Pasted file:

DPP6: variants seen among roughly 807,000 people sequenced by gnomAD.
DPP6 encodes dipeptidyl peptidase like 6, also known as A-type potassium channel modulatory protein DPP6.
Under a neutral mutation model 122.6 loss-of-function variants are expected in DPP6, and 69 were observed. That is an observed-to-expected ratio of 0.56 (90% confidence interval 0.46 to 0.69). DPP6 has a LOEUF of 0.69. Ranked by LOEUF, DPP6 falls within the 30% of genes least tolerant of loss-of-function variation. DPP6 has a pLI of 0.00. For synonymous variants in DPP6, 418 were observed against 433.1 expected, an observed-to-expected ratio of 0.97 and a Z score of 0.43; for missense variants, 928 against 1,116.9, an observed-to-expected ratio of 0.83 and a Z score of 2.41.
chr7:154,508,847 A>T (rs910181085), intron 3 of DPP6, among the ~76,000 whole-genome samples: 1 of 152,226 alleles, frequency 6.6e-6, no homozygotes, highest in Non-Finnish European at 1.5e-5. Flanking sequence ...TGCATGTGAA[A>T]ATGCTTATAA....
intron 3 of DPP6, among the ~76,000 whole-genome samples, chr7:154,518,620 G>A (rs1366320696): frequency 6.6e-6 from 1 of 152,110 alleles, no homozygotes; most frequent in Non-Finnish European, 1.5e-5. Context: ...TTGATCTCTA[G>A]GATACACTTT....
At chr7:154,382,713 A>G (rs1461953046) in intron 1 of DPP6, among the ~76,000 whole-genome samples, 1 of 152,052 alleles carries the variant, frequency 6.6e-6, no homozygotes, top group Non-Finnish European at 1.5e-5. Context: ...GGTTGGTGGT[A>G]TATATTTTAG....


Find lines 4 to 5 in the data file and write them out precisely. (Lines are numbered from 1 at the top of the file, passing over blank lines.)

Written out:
chr7:154,508,847 A>T (rs910181085), intron 3 of DPP6, among the ~76,000 whole-genome samples: 1 of 152,226 alleles, frequency 6.6e-6, no homozygotes, highest in Non-Finnish European at 1.5e-5. Flanking sequence ...TGCATGTGAA[A>T]ATGCTTATAA....
intron 3 of DPP6, among the ~76,000 whole-genome samples, chr7:154,518,620 G>A (rs1366320696): frequency 6.6e-6 from 1 of 152,110 alleles, no homozygotes; most frequent in Non-Finnish European, 1.5e-5. Context: ...TTGATCTCTA[G>A]GATACACTTT....